1. To furnish with braces; to support; to prop; as, to brace a beam in a building.
2. To draw tight; to tighten; to put in a state of tension; to strain; to strengthen; as, to brace the nerves. And welcome war to brace her drums. (Campbell)
3. To bind or tie closely; to fasten tightly. The women of china, by bracing and binding them from their infancy, have very little feet. (Locke) Some who spurs had first braced on. (Sir W. Scott)
4. To place in a position for resisting pressure; to hold firmly; as, he braced himself against the crowd. A sturdy lance in his right hand he braced. (Fairfax)
5. To move around by means of braces; as, to brace the yards. To brace about, to turn (a yard) by hauling in the weather brace. To brace one’s self, to call up one’s energies. He braced himself for an effort which he was little able to make. – to brace to, to turn (a yard) as far forward as the rigging will permit.
Origin: Braced; bracing.
1. That which holds anything tightly or supports it firmly; a bandage or a prop.
2. A cord, ligament, or rod, for producing or maintaining tension, as a cord on the side of a drum. The little bones of the ear drum do in straining and relaxing it as the braces of the war drum do in that. (D
3. The state of being braced or tight; tension. The laxness of the tympanum, when it has lost its brace or tension. (Holder)
4. A piece of material used to transmit, or change the direction of, weight or pressure; any one of the pieces, in a frame or truss, which divide the structure into triangular parts. It may act as a tie, or as a strut, and serves to prevent distortion of the structure, and transverse strains in its members. A boiler brace is a diagonal stay, connecting the head with the shell.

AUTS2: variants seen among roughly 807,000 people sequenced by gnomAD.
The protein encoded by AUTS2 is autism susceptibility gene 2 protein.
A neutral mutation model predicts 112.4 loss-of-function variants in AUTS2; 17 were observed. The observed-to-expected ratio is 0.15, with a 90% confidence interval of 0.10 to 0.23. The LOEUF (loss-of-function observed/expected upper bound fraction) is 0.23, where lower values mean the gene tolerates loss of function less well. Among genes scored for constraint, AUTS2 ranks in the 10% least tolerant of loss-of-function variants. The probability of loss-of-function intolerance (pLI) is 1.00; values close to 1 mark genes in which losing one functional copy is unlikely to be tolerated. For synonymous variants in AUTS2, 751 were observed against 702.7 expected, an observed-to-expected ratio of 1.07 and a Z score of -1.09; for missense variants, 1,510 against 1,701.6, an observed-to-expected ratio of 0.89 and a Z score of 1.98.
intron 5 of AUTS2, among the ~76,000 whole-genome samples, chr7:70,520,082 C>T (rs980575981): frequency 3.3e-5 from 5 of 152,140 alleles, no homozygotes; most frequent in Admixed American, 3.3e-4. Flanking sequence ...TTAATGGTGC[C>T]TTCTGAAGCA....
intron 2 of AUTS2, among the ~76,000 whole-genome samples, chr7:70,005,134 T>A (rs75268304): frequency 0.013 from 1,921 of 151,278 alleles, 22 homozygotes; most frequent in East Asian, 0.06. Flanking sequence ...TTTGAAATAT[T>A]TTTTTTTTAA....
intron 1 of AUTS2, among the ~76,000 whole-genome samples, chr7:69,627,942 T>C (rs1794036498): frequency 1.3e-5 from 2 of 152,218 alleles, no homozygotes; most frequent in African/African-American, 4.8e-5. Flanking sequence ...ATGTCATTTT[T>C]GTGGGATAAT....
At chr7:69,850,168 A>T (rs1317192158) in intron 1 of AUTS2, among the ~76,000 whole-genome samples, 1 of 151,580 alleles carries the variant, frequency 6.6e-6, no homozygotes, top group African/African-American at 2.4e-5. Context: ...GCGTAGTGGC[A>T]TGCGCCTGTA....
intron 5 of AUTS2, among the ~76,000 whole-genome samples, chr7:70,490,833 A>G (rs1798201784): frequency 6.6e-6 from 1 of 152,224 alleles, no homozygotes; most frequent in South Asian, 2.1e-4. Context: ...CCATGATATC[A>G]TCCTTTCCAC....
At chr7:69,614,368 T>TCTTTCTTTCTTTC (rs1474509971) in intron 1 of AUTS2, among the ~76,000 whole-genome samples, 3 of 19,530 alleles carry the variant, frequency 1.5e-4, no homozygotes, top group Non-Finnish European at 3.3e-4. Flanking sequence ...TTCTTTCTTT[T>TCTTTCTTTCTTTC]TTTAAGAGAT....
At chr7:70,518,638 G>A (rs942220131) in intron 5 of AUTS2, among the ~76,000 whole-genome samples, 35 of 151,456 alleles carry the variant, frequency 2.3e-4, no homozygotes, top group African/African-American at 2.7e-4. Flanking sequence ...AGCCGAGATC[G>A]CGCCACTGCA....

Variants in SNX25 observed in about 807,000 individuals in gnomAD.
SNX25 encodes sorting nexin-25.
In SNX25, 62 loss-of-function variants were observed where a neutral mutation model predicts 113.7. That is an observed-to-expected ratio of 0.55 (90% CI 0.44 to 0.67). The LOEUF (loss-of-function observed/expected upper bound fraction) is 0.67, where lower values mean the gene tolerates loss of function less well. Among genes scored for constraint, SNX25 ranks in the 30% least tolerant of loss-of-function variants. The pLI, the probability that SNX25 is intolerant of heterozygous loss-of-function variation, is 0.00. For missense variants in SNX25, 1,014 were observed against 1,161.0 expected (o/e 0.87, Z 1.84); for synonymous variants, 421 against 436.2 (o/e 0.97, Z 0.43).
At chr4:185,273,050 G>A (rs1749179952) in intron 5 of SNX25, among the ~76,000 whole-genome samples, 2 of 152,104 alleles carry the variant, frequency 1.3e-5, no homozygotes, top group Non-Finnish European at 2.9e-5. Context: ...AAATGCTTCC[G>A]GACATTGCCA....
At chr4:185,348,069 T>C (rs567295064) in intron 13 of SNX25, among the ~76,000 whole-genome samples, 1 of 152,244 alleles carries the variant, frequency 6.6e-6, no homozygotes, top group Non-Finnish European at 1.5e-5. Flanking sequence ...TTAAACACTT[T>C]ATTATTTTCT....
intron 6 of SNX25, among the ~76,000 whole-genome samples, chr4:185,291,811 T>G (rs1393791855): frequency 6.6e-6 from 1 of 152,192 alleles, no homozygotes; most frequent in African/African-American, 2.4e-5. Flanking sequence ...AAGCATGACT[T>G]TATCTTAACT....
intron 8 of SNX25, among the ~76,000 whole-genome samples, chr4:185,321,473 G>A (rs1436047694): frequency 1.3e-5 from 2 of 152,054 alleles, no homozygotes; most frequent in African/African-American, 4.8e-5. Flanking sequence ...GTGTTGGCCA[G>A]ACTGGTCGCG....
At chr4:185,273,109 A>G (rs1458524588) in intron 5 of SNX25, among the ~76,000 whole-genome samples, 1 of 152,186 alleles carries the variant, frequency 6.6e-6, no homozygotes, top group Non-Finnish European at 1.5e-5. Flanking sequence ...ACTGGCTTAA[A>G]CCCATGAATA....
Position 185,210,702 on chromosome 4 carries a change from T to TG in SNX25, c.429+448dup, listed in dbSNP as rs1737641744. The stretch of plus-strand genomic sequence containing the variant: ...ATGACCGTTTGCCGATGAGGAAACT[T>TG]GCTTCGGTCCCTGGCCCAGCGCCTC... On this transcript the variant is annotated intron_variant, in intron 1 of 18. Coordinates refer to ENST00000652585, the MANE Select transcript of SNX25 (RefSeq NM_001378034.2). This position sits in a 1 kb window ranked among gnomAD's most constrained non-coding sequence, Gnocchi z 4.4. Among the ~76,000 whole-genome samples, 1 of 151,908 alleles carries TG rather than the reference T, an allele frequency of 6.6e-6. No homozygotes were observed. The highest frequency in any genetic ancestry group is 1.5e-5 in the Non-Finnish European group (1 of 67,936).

5. A vertical curved line connecting two or more words or lines, which are to be taken together; thus, boll, bowl; or, in music, used to connect staves.
6. A rope reeved through a block at the end of a yard, by which the yard is moved horizontally; also, a rudder gudgeon.
7. (Science: mechanics) a curved instrument or handle of iron or wood, for holding and turning bits, etc.; a bitstock.
8. A pair; a couple; as, a brace of ducks; now rarely applied to persons, except familiarly or with some contempt. A brace of greyhounds. He is said to have shot . . . Fifty brace of pheasants. (Addison) A brace of brethren, both bishops, both eminent for learning and religion, now appeared in the church. (Fuller) But you, my brace of lords. (Shak)
9. Straps or bands to sustain trousers; suspenders. I embroidered for you a beautiful pair of braces. (Thackeray)
10. Harness; warlike preparation. For that it stands not in such warlike brace. (Shak)
11. Armor for the arm; vantbrace.
12. (Science: chemical) The mouth of a shaft. Angle brace. See angle.
Origin: OF. Brace, brasse, the two arms, embrace, fathom, f. Brasse fathom, fr. L. Bracchia the arms (stretched out), pl. Of bracchium arm; cf. Gr.
Two items of the same kind.